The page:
My one, and only, claim to fame is that I am probably one of the only green writers in the world who hates the Toyota Prius. For me, the problem was never the car itself, which is in many ways a technological wonder. No, it was the holier-than-thou attitude of many drivers, who acted like they were saving the world by driving a Prius. As it turns out though, my perception of Prius drivers was not far off from the truth.
A new study that looked at the driving habits of luxury car owners in relation to crosswalks and pedestrians basically established what most people already assumed; rich people drive with a sense of entitlement. The study, which took place in San Francisco, noted that drivers of shiny and expensive cars were 3-times more likely to “plow through” a crosswalk and not stop for pedestrians than drivers of older clunkers. Drivers of expensive cars were also four-times more likely to cut off other drivers at 4-way intersections.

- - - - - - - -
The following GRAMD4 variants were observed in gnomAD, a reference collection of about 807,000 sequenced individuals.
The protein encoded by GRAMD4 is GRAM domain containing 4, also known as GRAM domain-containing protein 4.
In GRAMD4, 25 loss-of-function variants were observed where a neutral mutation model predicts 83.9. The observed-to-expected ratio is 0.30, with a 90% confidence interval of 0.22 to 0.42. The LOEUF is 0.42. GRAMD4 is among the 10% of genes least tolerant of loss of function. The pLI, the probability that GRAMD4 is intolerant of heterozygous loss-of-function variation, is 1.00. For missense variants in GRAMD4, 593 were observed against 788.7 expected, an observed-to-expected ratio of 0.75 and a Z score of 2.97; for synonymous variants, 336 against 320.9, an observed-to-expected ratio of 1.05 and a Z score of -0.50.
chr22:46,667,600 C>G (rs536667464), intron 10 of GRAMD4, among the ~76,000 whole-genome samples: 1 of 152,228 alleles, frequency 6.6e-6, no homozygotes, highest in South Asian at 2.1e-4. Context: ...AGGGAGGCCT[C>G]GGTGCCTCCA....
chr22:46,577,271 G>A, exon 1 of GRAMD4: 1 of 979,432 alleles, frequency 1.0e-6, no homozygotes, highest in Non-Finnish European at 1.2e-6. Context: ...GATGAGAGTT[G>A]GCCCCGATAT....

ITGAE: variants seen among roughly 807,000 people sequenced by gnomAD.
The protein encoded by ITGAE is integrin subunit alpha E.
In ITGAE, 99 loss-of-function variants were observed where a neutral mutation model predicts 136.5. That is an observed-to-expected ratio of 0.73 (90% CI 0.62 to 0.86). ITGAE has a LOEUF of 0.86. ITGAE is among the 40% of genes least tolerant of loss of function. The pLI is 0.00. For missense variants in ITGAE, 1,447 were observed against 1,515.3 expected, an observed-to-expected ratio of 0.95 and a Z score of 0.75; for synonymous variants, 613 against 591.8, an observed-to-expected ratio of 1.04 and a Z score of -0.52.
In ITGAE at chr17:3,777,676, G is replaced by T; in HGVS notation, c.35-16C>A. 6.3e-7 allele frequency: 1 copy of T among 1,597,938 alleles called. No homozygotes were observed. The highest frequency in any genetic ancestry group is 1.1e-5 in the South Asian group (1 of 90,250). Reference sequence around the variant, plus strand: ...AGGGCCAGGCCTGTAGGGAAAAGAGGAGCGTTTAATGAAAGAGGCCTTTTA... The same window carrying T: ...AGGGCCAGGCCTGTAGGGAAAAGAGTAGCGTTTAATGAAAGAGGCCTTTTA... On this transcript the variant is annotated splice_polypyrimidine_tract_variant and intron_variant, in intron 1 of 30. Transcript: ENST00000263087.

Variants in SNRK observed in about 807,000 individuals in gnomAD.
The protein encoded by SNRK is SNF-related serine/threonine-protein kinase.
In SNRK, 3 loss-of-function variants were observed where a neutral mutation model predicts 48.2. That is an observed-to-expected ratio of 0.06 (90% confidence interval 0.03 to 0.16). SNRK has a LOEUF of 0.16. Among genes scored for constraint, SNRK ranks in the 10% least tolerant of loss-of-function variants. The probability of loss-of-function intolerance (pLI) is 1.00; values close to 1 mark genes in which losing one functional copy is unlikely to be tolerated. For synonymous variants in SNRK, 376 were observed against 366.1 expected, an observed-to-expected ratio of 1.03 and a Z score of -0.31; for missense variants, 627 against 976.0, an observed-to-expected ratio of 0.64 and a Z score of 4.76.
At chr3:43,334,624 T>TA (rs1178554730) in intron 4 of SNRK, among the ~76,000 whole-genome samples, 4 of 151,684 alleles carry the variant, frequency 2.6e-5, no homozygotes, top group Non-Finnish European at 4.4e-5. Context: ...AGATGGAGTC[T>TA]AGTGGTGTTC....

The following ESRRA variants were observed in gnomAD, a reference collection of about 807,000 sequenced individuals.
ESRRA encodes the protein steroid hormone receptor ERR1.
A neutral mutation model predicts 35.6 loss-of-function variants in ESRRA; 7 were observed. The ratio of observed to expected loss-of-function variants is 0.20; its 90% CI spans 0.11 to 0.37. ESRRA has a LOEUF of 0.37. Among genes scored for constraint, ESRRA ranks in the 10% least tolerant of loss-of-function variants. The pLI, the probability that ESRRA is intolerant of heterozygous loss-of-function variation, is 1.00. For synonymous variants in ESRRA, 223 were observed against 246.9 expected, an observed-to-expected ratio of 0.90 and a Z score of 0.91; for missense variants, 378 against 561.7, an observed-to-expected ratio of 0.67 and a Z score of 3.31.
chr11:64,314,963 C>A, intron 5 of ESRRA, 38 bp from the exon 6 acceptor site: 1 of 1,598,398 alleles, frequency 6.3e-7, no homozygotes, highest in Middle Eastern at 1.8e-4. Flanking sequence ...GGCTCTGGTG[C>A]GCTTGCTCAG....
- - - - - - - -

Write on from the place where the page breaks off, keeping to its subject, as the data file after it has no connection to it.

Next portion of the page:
As it turns out though, drivers of shiny and expensive cars aren’t the only a-holes on the road. Toyota Prius drivers failed to yield to pedestrians about ⅓ of the time, putting the Prius amongst the highest “unethical” vehicles. The study calls this phenomenon “moral licensing”, which is essentially the feeling that since they are “saving the world”, the normal rules of the road don’t apply to Prius drivers.
I know this isn’t going to make me any fans among the Prius community…but I still don’t care. Drop the attitude and just drive your damn car without getting all high and mighty about it.
Source: Science Mag